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How to Avoid Going Over Time

By J.A. Gamache

3rd place winner in the 2001
Toastmasters International
World Championship of Public Speaking
 

Have you ever been disqualified from a contest because you went over time? Here are three sure-fire ways to  stay within any time limit.   
 

1- Find your speaking flow
Since everyone has their own speaking flow, i.e. the number of words spoken per minute, it is important that you find your own speaking  flow.
 
Do you know how many words you speak per minute? Here is how to find  out what is your own speaking flow. Read a text out loud and stop  after a minute to count the words (Microsoft Word has a tool for counting words). For example my speaking flow in French, my native language, is about 150 words a minute, while in English it slows down to 105 words a minute. This means that to give a seven minute speech in English my text cannot be longer than 735 words!
 
Another advantage of knowing your speaking flow, is that you can make corrections in your flow as you speak because you know where you  are supposed to be in your text at the green, amber and red light during a Toastmasters contest. This way you will know if you have to  speed up to avoid going over time.
 
Now that you have learned how to evaluate your speaking flow, find  your speaking style and hang on to it!

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2- Find your speaking style and hang on to it!
When you practice your speech, try to deliver it as closely as possible to the real thing. Any change in your speaking style will change the length of your speech.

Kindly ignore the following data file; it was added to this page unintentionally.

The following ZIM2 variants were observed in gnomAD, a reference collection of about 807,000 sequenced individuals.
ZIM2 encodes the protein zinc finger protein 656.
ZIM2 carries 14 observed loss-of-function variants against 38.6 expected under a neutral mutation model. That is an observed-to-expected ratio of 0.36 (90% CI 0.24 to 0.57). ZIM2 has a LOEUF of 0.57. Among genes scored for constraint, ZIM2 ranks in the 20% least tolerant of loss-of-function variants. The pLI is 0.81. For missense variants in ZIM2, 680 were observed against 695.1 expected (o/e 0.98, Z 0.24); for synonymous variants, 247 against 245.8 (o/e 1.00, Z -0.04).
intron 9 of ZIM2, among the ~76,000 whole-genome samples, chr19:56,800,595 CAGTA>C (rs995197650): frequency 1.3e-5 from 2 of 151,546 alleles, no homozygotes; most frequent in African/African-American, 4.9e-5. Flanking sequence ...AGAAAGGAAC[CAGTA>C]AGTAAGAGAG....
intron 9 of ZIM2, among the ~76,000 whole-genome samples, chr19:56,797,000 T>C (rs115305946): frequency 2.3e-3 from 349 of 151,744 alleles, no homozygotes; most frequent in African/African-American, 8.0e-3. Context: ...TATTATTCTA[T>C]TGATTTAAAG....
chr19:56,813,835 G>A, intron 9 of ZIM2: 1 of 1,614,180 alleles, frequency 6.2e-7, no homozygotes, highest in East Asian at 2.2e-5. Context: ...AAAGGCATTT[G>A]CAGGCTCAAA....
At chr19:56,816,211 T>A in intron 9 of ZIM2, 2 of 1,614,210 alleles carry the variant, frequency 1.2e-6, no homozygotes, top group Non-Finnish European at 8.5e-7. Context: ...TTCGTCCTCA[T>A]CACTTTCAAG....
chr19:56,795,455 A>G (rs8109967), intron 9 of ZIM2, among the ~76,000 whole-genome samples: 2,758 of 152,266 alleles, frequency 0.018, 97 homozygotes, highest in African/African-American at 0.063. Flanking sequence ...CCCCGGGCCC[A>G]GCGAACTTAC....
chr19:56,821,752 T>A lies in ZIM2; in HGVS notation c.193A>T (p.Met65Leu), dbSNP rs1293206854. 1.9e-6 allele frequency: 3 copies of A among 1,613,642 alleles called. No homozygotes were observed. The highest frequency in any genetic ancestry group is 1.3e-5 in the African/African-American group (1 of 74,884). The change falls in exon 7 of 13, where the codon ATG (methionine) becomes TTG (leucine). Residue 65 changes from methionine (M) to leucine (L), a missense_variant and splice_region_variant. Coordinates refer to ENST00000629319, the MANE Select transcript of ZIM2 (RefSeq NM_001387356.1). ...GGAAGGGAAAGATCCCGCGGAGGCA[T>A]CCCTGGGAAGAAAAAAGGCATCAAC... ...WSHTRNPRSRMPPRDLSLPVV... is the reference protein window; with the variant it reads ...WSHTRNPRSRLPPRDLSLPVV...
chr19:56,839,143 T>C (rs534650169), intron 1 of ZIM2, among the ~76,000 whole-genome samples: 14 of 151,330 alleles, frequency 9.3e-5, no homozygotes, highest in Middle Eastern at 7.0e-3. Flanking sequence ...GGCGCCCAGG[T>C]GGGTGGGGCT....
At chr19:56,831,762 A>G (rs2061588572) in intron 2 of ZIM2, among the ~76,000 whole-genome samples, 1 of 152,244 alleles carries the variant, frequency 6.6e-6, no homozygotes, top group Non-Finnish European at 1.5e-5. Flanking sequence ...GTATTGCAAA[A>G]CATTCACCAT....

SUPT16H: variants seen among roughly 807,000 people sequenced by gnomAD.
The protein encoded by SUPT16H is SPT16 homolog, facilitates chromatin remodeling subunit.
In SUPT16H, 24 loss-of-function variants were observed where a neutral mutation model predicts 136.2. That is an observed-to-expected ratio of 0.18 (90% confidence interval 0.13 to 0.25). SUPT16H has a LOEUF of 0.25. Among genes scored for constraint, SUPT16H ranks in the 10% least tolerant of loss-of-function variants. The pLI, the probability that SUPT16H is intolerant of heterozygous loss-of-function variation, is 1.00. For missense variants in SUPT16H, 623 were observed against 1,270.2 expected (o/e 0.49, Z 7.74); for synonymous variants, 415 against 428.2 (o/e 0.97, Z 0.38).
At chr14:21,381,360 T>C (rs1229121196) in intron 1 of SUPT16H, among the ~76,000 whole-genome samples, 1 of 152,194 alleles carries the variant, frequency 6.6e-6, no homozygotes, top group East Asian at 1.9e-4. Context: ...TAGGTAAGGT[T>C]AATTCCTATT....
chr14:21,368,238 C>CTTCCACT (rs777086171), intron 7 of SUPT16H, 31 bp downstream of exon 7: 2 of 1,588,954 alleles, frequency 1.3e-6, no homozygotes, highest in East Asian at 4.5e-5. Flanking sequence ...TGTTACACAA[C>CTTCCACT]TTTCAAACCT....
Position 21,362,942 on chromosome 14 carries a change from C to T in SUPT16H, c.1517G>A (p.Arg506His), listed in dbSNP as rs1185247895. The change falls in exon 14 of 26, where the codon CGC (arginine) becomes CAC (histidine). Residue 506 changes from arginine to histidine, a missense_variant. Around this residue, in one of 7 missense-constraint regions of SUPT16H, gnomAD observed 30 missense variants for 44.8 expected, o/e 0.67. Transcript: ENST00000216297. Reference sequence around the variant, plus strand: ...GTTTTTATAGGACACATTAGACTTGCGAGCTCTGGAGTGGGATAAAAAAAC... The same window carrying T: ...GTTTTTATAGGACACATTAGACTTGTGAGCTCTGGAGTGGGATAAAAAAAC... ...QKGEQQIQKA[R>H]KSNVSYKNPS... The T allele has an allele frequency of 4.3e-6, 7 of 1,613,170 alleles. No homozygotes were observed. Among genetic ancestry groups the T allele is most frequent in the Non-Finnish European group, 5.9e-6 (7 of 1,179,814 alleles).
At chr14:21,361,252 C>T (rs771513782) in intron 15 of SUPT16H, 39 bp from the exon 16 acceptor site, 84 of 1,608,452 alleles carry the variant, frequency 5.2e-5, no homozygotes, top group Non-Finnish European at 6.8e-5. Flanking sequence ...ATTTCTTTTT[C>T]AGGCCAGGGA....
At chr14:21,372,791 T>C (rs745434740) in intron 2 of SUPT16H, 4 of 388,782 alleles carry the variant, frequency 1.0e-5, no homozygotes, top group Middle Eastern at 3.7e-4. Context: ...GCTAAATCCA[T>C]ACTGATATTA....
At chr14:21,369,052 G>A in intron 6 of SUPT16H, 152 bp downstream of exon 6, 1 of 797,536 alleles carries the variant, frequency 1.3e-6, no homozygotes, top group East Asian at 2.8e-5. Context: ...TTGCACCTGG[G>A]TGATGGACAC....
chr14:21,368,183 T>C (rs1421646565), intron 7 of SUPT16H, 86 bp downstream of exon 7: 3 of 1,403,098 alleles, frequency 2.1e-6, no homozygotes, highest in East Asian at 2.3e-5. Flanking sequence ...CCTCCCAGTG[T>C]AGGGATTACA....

Always practice your speech with the same voice fluctuation, the same energy and the same rhythm, and it will always be the same length. Now that you know your speaking style and you're hanging on to it, prepare a shorter ending.
 
3- Prepare a shorter ending
You delivered your best speech ever. You rehearsed it to stay within the time limit. People laughed and applauded but you are still  over time. Why? Applause and laughter take time. Did you know that a crowd of over a thousand people having a good laugh can take up to 10 seconds off your speech? What can you do? Two things: One, keep a time buffer. Personally I  keep a 45 second time buffer just for peace of mind. Two, always  prepare a shorter ending just in case.
 
 
You should now have all the tools you need during the three stages of your speech to prevent you from going over time.
 
 
While you are writing your speech, make sure you check your speaking  flow. While you are rehearsing, be sure you hang on to your speaking style and while you deliver your speech, keep your shorter ending in mind…just in case.
 

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